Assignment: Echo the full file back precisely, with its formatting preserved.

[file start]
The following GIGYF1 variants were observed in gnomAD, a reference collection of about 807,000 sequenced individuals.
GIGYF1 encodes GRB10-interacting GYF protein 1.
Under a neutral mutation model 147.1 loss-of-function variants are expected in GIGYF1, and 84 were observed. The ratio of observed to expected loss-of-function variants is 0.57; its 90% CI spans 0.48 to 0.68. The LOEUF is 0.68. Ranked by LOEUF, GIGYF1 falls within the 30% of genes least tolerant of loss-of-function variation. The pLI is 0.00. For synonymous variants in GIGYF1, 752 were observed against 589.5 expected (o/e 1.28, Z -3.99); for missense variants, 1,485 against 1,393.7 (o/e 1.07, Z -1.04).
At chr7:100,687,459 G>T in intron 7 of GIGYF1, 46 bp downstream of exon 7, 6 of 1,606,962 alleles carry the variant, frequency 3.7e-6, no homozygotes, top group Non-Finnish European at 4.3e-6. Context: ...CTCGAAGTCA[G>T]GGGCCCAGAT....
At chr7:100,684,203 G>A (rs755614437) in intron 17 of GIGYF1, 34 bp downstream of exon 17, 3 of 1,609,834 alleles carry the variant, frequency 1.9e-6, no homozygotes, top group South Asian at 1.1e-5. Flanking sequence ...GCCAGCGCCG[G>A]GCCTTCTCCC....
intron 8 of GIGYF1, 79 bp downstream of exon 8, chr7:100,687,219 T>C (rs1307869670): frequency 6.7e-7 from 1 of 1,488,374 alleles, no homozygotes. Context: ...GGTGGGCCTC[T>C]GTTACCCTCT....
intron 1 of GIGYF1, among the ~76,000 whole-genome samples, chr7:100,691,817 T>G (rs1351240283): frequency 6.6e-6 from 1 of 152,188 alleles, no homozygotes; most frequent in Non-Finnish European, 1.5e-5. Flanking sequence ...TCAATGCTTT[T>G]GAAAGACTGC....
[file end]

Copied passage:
The following GIGYF1 variants were observed in gnomAD, a reference collection of about 807,000 sequenced individuals.
GIGYF1 encodes GRB10-interacting GYF protein 1.
Under a neutral mutation model 147.1 loss-of-function variants are expected in GIGYF1, and 84 were observed. The ratio of observed to expected loss-of-function variants is 0.57; its 90% CI spans 0.48 to 0.68. The LOEUF is 0.68. Ranked by LOEUF, GIGYF1 falls within the 30% of genes least tolerant of loss-of-function variation. The pLI is 0.00. For synonymous variants in GIGYF1, 752 were observed against 589.5 expected (o/e 1.28, Z -3.99); for missense variants, 1,485 against 1,393.7 (o/e 1.07, Z -1.04).
At chr7:100,687,459 G>T in intron 7 of GIGYF1, 46 bp downstream of exon 7, 6 of 1,606,962 alleles carry the variant, frequency 3.7e-6, no homozygotes, top group Non-Finnish European at 4.3e-6. Context: ...CTCGAAGTCA[G>T]GGGCCCAGAT....
At chr7:100,684,203 G>A (rs755614437) in intron 17 of GIGYF1, 34 bp downstream of exon 17, 3 of 1,609,834 alleles carry the variant, frequency 1.9e-6, no homozygotes, top group South Asian at 1.1e-5. Flanking sequence ...GCCAGCGCCG[G>A]GCCTTCTCCC....
intron 8 of GIGYF1, 79 bp downstream of exon 8, chr7:100,687,219 T>C (rs1307869670): frequency 6.7e-7 from 1 of 1,488,374 alleles, no homozygotes. Context: ...GGTGGGCCTC[T>C]GTTACCCTCT....
intron 1 of GIGYF1, among the ~76,000 whole-genome samples, chr7:100,691,817 T>G (rs1351240283): frequency 6.6e-6 from 1 of 152,188 alleles, no homozygotes; most frequent in Non-Finnish European, 1.5e-5. Flanking sequence ...TCAATGCTTT[T>G]GAAAGACTGC....